Bryan Cohen Mar. 28, 2013, 5:47pm

SALEM, Ore. (Legal Newsline) - Oregon Attorney General Ellen Rosenblum and the Oregon State Police issued a warning Wednesday about two police impersonation scams that recently surfaced in the state.

In one scam, known as the counterfeiting con, scammers call individuals at home claiming to be police officers looking into counterfeit money. The scammers ask the individuals to withdraw cash so they can inspect it. The fake officer then disappears with the cash. In the last few months, scammers posing as detectives conned two people out of more than $50,000.

In another scam, the unpaid traffic scam, scammers place pre-recorded phone calls posing as police officers telling individuals they owe $154 for unpaid traffic tickets. One citizen received a call from a restricted number stating a bench warrant had been issued for an unpaid speeding ticket issued on Interstate 205. The call gave instructions to get a Green Dot MoneyPak reloadable debit card and place $154 on the card. The message also instructed the individual to call a number with a 203 area code and provide the card number and security code to pay the citation and avoid legal action.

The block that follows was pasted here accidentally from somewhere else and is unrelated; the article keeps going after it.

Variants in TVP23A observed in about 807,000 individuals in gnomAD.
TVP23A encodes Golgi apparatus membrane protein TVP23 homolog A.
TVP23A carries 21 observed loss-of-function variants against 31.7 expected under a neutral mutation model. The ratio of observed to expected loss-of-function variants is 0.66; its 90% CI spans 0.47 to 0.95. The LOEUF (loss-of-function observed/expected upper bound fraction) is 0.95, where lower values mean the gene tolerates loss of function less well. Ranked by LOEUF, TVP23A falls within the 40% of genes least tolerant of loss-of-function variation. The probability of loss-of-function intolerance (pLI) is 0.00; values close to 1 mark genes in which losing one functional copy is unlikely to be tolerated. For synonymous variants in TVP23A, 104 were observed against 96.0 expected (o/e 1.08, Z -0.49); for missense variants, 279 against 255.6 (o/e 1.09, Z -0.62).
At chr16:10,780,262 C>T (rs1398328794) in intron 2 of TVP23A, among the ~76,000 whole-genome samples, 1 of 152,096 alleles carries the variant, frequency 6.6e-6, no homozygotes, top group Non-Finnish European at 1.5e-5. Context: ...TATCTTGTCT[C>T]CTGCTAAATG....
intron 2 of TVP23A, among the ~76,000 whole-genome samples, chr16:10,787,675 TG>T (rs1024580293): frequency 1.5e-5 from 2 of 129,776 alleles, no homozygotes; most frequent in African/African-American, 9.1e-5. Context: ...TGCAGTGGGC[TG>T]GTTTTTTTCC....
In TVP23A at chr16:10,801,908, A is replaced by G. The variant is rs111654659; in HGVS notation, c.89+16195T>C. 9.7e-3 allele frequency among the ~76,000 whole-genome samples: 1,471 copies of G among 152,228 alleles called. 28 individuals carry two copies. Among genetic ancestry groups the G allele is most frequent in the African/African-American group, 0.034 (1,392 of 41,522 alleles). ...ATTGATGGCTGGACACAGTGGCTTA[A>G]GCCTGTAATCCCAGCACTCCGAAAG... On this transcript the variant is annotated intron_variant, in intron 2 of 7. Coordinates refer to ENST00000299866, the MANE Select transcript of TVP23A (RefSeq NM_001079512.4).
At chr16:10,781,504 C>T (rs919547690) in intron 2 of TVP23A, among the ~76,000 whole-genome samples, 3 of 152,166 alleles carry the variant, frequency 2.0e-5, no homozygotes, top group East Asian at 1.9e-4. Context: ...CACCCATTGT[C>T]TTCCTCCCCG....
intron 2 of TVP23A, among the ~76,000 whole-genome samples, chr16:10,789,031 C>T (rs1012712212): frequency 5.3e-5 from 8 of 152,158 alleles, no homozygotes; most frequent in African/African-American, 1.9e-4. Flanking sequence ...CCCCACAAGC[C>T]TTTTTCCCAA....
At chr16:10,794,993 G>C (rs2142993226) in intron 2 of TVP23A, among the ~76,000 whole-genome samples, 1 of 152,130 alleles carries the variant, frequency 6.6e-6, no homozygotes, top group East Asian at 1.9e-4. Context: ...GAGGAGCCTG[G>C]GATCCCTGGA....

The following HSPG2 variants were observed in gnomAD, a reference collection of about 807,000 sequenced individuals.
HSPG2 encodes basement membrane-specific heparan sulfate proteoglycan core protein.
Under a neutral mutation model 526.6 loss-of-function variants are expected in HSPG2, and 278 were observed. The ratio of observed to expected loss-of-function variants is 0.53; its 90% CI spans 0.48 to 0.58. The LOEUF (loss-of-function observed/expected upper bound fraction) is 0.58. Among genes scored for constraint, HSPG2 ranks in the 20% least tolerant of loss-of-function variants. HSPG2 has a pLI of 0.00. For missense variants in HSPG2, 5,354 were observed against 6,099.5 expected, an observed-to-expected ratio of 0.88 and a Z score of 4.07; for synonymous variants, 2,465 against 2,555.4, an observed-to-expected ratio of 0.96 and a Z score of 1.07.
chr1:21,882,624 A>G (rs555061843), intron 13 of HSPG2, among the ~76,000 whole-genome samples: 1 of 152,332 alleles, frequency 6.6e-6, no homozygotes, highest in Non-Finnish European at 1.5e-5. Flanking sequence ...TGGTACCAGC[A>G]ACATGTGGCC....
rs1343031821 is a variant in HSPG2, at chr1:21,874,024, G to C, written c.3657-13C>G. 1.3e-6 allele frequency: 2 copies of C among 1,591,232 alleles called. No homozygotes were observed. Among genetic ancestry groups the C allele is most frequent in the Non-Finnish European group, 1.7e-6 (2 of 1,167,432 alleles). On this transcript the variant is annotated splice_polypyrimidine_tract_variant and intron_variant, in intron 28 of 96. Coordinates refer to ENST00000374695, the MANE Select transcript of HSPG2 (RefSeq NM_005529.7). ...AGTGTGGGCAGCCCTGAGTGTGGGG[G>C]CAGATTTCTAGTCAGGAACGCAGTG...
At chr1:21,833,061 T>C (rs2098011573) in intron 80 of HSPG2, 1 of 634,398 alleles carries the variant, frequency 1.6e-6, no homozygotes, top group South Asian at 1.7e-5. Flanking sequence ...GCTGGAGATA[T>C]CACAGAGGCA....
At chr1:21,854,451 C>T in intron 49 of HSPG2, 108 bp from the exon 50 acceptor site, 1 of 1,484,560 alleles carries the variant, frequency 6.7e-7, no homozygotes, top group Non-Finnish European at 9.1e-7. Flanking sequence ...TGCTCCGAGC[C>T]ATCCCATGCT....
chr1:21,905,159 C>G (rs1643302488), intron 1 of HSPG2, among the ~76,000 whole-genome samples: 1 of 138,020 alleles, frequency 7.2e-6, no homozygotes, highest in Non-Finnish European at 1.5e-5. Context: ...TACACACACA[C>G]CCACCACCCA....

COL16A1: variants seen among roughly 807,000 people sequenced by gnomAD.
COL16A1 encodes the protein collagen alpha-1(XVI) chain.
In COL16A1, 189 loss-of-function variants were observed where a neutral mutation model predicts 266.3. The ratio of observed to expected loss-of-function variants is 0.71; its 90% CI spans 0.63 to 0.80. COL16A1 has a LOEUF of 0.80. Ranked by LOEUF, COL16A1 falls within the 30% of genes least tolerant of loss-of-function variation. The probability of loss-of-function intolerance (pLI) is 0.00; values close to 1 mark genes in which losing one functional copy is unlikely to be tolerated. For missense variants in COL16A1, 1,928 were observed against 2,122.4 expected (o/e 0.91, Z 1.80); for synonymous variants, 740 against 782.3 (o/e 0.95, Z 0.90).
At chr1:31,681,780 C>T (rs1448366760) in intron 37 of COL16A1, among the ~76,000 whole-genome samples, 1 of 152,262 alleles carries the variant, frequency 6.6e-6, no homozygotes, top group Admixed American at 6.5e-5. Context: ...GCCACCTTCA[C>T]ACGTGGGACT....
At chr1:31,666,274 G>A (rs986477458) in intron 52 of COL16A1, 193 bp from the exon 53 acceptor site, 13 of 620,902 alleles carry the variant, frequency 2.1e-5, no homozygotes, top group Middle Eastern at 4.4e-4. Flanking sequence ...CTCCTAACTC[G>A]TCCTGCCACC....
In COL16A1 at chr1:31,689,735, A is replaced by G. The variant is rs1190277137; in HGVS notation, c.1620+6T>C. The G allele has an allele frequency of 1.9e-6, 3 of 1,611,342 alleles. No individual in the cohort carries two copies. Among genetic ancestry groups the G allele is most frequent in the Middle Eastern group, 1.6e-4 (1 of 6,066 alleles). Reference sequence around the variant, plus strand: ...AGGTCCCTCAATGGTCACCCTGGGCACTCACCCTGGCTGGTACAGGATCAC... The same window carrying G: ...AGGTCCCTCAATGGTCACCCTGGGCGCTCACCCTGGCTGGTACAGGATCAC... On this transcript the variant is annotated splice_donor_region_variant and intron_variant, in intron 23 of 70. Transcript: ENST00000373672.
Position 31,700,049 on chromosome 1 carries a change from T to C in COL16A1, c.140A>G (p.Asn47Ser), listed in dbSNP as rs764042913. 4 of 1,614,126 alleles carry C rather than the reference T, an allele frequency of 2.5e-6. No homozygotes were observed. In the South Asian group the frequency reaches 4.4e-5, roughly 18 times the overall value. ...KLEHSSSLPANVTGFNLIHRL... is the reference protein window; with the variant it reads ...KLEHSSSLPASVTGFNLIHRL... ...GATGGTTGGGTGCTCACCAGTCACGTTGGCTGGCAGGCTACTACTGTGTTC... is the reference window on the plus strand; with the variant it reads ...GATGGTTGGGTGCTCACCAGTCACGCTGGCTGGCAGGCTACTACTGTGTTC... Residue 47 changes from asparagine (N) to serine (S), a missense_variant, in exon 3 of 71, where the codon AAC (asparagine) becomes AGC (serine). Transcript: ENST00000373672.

Green Dot MoneyPak cards and similar cash-load cards have been a part of multiple scams around the country. The cards have been used to defraud unsuspecting people as transactions involving the cards cannot be traced or reversed.

"People who impersonate a police officer not only commit a serious crime but also subvert people's trust in other, genuine police officers," Rosenblum said.

Oregon State Police and other legitimate law enforcement agencies do not call citizens seeking payment or to withdraw money for any other reason. Rosenblum said Oregonians can call her office or file a complaint if they believe they were contacted by one or more of the scam artists.

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